The first drug court started in Miami in 1989 as an effort to stop the cycle of drug addiction and crime. The program brought together judges, prosecuting and defense attorneys, addiction counselors, and social workers to collaboratively build an individualized treatment program. Rather than sending people to jail, the drug court program was designed to treat addiction while participants lived in the community. Drug courts have become an increasingly common way for communities to engage with low-level drug offenders.
Seeking to raise awareness and support for drug courts, the National Association of Drug Court Professionals has released a series of PSAs entitled, “All Rise.” Using a mix of celebrities and drug court judges, these commercials assert that 75% of drug court participants are never arrested again.
The promise is clear. Drug courts not only treat addiction, they also treat a number of social problems (“no more families torn apart… no more neglect… no more overdoses”).
Are drug courts really this successful?
The truth is, we still don’t know. The 75% success statistic comes from a study published in 2003. The authors report that only 27.5% of drug court participants had been re-arrested and charged with a serious crime within two years. So, we don’t know what re-arrest rates look like after that two-year period and the data doesn’t include arrests for minor crimes or arrests for serious crimes that did not result in a charge. This is a far cry from the claim made in the video: that 75% of drug court participants are never arrested again.
The claims asserted in the “All Rise” campaign, then, should be treated with caution. That said, drug courts are a significant move away from punitiveness for addicted offenders. Increasing the time to reoffending is a very positive step for the offender, for the community, and for the criminal justice system. Additionally, most recidivism occurs within three years of release, so if the drug court program is helping participants to make it past this milestone it may indeed lead to some graduates leaving criminality altogether.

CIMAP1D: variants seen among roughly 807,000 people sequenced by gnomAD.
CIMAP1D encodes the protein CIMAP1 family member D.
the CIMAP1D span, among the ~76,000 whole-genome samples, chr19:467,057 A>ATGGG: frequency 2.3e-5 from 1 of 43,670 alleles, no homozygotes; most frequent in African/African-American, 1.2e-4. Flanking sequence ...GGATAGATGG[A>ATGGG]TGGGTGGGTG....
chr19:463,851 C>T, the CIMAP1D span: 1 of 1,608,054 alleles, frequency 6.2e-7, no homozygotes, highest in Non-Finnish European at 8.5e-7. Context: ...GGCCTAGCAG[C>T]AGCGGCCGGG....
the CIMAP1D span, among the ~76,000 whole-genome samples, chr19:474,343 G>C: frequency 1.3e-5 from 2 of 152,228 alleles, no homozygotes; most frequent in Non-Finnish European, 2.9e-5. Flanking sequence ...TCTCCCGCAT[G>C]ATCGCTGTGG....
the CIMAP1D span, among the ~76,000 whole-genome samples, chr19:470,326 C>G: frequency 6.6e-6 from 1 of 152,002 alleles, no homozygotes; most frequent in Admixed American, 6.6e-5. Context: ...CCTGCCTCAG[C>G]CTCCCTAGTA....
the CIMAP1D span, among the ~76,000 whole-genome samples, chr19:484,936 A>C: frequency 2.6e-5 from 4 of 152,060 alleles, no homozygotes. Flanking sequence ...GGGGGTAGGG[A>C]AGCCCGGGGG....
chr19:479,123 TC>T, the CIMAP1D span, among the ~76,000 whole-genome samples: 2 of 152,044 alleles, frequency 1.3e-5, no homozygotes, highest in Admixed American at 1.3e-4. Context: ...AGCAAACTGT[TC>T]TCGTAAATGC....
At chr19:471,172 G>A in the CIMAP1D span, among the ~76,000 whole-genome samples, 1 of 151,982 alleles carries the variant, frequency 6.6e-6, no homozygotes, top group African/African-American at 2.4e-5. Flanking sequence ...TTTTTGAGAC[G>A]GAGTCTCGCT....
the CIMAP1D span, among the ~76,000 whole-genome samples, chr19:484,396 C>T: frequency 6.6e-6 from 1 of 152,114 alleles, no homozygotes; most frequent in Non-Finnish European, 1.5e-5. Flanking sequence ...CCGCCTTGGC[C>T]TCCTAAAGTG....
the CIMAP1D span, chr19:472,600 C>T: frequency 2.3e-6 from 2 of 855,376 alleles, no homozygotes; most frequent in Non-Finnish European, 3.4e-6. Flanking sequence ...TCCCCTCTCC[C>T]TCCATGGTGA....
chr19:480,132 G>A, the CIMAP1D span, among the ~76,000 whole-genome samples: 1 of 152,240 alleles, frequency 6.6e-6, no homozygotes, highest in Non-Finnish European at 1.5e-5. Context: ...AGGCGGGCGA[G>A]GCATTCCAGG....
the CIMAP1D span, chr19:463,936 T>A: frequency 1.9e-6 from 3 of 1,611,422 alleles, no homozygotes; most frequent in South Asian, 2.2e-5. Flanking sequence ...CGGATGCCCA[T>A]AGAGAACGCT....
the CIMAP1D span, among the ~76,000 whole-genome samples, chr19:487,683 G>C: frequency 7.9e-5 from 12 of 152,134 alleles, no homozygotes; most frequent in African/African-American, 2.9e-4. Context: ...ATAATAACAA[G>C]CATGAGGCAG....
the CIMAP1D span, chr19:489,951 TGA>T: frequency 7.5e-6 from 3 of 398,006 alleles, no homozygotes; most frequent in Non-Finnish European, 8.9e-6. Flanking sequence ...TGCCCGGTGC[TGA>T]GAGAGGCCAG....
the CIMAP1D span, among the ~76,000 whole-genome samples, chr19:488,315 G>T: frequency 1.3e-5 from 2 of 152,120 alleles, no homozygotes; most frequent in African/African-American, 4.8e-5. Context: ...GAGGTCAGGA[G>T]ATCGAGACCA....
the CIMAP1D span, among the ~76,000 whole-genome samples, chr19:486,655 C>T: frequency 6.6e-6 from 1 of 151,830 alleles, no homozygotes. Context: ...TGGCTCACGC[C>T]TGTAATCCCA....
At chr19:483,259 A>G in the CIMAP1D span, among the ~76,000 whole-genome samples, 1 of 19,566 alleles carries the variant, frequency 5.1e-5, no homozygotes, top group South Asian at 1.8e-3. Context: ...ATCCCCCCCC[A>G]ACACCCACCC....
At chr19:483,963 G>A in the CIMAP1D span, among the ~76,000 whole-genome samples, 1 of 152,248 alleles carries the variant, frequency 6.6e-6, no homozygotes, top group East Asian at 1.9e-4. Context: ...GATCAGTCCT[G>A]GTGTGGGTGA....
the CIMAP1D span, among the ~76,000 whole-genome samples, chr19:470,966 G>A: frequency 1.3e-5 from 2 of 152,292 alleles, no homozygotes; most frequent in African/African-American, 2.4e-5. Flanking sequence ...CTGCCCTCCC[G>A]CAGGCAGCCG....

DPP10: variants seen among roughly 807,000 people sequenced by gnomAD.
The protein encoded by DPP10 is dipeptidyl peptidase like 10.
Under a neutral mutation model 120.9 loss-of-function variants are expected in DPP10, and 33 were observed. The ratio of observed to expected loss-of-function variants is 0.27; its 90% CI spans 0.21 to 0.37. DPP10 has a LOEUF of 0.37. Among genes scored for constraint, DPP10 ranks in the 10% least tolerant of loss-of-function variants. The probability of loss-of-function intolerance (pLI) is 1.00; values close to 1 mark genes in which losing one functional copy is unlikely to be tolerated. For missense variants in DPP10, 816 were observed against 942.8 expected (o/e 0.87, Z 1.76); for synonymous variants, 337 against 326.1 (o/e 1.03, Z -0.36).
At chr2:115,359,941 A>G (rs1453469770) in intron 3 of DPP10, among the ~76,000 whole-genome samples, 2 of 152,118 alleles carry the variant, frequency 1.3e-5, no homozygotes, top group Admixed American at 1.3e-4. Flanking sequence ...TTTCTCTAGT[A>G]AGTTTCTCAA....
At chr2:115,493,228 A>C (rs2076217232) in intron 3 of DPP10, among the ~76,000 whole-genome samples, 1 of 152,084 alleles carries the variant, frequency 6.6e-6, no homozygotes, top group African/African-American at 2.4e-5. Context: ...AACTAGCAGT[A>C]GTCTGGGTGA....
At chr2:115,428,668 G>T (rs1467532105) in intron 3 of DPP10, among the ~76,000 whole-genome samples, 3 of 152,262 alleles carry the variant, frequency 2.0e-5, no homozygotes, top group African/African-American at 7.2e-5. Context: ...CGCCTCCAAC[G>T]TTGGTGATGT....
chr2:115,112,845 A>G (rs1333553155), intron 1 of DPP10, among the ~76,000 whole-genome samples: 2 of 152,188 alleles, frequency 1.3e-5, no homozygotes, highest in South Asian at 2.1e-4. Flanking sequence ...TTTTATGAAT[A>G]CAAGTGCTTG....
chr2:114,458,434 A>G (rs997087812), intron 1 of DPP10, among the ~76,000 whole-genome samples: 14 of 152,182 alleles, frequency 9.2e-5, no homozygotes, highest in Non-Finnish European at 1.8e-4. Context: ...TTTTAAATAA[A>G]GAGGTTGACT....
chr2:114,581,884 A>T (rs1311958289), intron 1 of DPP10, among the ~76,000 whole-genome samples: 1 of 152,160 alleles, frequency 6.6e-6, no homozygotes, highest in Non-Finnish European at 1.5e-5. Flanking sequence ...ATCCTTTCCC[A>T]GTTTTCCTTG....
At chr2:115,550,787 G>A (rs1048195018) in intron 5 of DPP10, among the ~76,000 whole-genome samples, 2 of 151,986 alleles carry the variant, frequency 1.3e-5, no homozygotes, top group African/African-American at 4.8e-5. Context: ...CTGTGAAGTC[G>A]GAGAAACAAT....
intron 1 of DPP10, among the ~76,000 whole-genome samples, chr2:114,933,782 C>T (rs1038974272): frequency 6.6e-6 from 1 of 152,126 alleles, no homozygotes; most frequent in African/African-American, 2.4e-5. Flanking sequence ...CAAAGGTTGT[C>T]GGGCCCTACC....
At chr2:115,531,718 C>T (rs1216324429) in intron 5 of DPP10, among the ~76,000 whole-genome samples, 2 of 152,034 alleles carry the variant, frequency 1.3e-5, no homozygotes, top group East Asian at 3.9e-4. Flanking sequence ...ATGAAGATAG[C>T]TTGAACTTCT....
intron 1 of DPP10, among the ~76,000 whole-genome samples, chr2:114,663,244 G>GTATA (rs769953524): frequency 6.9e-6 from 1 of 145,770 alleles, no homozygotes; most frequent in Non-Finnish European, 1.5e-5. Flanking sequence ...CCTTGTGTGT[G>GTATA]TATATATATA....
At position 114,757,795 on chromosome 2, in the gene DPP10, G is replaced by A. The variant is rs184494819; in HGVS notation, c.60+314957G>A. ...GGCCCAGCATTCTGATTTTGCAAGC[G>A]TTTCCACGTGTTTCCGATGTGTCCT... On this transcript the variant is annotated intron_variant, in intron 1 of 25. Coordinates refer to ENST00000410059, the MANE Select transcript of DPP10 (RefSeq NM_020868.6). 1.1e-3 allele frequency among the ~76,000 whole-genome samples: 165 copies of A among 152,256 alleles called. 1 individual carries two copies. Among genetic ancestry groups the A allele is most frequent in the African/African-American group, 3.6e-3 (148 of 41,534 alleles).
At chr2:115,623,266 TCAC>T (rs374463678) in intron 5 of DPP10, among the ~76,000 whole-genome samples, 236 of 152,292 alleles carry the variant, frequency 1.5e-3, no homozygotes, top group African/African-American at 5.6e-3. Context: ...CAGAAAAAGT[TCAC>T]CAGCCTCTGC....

But before we turn to drug courts as “the” solution, we need more research on the effectiveness of drug courts. Women and Caucasians fare better in the program than men and people of color. And large courts tend to be more effective than small courts. Nevertheless, since the 1990s drug courts have spread across the nation to all major cities and many medium and small-sized cities, some of which have limited resources and less dedication. All Rise’s enthusiasm should be tempered with a critical eye aimed at making these programs work well, and for as many people as possible.
Kimberly Baker is an assistant professor of Sociology and Women’s Studies at Ithaca College. She teaches classes in crime, deviance, and law. Her research is on drugs, addiction, and U.S. drug policy, including drug courts.